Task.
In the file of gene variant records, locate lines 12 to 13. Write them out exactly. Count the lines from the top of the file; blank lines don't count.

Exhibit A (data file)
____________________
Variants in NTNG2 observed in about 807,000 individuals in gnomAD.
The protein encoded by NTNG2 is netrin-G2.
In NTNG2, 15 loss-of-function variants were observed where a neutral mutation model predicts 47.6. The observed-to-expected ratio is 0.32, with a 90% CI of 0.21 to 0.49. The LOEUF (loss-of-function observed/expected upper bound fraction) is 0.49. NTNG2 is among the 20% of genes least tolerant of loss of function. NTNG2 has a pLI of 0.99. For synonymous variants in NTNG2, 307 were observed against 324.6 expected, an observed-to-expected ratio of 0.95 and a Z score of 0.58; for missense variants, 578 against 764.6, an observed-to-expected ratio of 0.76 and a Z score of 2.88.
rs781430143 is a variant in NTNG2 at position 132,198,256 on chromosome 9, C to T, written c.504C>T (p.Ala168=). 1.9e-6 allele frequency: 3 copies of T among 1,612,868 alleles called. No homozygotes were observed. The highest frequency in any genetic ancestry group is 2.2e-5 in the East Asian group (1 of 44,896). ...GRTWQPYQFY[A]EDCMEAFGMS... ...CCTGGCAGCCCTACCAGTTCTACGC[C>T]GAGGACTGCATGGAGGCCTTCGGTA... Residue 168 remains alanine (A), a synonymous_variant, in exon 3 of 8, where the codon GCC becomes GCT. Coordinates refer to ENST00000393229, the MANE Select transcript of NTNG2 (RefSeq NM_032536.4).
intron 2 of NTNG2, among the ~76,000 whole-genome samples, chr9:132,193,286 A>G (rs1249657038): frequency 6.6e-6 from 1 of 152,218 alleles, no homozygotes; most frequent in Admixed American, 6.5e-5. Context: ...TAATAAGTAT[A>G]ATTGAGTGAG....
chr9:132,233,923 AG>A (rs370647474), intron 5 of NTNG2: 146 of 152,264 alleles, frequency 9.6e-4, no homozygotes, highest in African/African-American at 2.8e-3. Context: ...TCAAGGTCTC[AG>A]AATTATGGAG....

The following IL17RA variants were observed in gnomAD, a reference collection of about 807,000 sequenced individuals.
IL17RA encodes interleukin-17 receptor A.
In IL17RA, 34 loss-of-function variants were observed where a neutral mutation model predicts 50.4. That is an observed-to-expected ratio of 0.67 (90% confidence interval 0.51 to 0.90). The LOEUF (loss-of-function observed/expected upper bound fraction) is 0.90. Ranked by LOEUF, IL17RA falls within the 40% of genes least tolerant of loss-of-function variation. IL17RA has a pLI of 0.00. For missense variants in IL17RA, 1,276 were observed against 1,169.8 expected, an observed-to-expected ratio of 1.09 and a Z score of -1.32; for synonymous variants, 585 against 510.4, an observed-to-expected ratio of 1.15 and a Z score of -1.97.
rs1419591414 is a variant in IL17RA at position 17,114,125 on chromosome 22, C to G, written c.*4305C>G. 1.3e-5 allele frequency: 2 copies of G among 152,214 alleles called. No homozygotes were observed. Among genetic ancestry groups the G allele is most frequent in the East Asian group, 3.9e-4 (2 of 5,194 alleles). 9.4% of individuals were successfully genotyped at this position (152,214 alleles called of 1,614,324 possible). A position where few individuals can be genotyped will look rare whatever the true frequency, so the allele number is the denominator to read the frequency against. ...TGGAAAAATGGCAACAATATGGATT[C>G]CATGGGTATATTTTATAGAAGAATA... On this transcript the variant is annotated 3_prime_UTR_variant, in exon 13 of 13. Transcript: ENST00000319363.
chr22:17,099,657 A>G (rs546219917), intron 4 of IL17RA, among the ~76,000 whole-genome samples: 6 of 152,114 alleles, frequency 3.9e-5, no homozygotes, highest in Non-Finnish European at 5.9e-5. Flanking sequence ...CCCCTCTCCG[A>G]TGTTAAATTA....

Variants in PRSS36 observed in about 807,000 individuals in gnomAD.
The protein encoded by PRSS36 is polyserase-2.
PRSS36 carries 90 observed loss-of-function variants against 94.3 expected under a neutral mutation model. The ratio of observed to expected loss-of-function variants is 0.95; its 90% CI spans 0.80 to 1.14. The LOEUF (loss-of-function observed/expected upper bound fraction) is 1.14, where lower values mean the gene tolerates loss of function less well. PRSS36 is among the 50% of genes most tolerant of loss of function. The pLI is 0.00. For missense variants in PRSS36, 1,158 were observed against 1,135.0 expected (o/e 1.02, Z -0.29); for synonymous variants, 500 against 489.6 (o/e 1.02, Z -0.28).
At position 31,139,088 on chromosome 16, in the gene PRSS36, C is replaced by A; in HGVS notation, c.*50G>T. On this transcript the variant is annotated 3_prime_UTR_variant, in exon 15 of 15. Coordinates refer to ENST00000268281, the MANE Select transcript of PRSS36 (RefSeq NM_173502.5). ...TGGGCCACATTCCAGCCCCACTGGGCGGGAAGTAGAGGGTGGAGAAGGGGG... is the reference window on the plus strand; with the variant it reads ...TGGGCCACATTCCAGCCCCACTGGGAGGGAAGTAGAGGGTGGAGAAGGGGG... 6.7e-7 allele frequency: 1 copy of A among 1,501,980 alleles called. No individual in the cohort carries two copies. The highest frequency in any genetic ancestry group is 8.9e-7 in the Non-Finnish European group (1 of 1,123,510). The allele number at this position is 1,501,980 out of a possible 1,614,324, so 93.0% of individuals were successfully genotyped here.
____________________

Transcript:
Variants in PRSS36 observed in about 807,000 individuals in gnomAD.
The protein encoded by PRSS36 is polyserase-2.